The A13 first saw combat in the Battle of France under the British Expeditionary Force in 1940. The A13 encountered many troubles during its employment, the crew having little to no training with the new tanks due to their rushed adoption into service. The tanks were in poor condition and some were even missing parts. The A13s were used in the 1st Armoured Division, but many were either destroyed by the superior German armoured forces or abandoned at Calais during the evacuation of Allied troops at Dunkirk, which forced the units to leave behind their heavier equipment.
After the disaster at France, the A13 were still used to support the war. Some were sent to Greece to support their defence against Germany in the Battle of Greece, but a majority were sent to North Africa as part of the Western Desert Campaign near Libya under the 7th Armoured Division. Compared to the time in France, the A13s in North Africa fared much better, ironing out most of its initial defects, and was even more suited to the environment than other tank designs. The A13 was popular with the crew for its high speed, reliability, and a powerful 2-pounder cannon that could engage a majority of Axis tanks in 1941. However, there was an insufficient number of A13s available for use, so tank units were mixed with the faster cruiser tanks and slower infantry tanks, which caused tactical and logistical difficulties trying to accommodate all of the tanks. Another deficiency with the tank and every other British tank with the 2-pounder was the lack of high-explosive shell issued to the tankers, which made them vulnerable to anti-tank guns, which caused a majority of British tank losses in the North African Campaign. Still, the A13 fared very well with its armour and armament until late 1941 where better armoured Panzer IIIs and Panzer IVs began to appear on the battlefield.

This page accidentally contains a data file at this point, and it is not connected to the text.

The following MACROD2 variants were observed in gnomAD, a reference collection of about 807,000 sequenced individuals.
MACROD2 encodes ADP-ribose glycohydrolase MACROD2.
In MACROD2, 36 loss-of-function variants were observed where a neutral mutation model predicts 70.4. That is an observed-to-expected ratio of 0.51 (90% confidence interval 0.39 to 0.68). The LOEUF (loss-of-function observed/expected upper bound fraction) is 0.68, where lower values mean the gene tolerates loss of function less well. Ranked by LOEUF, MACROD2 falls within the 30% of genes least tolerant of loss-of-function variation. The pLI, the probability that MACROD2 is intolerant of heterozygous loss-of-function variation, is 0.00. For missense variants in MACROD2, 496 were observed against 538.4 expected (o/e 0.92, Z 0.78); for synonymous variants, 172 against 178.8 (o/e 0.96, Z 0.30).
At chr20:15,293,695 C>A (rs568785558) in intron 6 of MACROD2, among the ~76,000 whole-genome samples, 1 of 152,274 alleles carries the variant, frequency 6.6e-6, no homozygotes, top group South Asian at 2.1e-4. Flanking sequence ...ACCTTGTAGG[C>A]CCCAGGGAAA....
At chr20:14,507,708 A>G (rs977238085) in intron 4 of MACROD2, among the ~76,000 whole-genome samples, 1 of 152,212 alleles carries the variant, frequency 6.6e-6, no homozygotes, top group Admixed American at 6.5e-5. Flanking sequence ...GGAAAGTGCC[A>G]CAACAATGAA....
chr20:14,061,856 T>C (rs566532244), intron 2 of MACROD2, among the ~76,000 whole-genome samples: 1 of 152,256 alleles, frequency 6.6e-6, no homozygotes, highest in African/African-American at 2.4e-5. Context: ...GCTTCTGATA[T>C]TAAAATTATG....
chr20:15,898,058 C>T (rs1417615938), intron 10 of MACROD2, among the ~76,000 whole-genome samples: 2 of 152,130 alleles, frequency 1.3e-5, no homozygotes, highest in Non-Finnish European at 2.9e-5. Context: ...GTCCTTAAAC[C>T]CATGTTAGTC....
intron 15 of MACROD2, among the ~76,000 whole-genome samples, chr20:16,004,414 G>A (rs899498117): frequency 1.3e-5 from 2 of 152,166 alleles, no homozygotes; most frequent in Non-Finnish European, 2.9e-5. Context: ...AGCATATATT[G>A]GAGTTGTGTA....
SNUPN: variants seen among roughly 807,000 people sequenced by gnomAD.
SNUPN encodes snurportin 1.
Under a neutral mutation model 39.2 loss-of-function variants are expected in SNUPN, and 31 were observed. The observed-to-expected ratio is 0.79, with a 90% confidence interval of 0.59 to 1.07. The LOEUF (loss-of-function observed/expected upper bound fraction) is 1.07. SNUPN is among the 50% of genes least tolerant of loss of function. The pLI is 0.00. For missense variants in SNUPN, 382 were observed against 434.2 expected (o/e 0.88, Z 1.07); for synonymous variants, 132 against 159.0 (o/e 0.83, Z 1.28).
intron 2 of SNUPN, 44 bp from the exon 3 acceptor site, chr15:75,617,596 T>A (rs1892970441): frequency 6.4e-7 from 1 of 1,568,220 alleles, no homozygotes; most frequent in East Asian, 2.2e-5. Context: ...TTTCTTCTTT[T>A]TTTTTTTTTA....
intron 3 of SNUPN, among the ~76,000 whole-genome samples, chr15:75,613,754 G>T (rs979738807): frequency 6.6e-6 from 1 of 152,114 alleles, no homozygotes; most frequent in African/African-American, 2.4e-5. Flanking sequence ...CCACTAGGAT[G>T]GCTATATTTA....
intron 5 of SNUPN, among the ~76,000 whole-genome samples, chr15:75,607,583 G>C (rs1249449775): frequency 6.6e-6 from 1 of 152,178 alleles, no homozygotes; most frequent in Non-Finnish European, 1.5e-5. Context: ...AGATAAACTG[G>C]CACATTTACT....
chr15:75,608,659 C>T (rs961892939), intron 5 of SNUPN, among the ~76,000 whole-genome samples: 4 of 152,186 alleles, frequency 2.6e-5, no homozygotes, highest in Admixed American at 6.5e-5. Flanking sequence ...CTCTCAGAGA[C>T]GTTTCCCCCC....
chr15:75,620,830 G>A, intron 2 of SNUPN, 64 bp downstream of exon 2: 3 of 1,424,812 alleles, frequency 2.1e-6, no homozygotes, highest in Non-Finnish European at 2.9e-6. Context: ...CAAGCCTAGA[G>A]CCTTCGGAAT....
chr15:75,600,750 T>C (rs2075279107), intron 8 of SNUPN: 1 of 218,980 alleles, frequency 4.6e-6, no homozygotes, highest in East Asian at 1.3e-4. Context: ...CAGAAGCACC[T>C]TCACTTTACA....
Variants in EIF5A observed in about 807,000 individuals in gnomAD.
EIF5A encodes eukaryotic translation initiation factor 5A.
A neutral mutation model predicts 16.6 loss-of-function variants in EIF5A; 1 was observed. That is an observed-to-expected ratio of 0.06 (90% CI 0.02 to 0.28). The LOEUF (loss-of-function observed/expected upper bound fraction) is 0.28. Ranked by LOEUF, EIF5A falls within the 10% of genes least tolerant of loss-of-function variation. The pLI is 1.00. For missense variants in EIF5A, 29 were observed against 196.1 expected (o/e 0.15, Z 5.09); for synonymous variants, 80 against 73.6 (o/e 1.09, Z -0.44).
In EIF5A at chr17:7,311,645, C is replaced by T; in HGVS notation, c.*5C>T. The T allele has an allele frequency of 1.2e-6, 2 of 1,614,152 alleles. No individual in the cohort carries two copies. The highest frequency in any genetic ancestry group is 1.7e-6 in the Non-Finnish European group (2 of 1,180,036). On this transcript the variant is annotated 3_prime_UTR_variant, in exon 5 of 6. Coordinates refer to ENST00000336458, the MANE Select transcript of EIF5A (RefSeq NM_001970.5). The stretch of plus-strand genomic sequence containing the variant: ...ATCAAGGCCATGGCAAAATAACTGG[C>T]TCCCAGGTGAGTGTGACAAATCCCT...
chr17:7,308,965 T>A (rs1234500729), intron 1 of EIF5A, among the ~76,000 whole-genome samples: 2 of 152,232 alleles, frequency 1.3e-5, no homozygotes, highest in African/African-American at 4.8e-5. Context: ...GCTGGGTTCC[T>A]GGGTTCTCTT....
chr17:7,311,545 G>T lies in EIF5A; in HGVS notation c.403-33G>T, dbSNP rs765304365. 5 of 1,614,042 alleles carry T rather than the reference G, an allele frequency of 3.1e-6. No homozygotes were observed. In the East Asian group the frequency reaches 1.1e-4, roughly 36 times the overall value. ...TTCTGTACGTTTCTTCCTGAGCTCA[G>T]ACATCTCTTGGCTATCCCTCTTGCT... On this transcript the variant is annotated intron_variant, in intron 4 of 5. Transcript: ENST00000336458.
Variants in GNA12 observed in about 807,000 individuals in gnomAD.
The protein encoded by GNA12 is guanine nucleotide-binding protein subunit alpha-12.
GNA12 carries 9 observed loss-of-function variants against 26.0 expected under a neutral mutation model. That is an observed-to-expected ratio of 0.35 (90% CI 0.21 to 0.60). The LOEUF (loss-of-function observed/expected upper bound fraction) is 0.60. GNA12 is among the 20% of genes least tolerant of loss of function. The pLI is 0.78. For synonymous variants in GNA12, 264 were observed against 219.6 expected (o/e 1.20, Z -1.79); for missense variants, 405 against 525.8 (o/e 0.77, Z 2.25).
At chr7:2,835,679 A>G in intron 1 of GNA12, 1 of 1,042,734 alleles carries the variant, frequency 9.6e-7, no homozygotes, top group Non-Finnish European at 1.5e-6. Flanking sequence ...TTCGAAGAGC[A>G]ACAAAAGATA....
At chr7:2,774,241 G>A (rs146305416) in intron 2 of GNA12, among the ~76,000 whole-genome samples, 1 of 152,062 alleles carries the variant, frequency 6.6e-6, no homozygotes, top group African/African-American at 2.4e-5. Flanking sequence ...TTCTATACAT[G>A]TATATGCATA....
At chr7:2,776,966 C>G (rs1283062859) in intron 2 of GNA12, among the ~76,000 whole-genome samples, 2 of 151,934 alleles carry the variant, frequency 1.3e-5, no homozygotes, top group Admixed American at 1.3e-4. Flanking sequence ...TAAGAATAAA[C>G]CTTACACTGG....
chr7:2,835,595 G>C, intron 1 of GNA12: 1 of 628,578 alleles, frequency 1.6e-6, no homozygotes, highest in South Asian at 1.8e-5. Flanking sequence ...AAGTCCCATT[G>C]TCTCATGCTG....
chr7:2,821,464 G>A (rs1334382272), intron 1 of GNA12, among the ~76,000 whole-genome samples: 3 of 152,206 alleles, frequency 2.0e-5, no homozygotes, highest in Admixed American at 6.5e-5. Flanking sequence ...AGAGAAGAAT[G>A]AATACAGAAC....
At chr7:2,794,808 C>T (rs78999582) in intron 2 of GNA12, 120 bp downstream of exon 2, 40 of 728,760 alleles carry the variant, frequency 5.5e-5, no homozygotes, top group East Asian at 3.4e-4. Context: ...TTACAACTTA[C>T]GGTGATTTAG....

Due to its growing obsolescence on the battlefield, the A13 was replaced in 1941 by the better armoured A15 Crusader tank.
- Vehicles equipped with the same chassis
- British vehicles equipped with the same gun
- Other vehicles of similar role or configuration
- [Special] Collect a famous А13 Mk I 3rd RTR for Christmas!
- [Wikipedia] Cruiser Mk III
- [Tanks Encyclopedia] Cruiser Mk.III, A13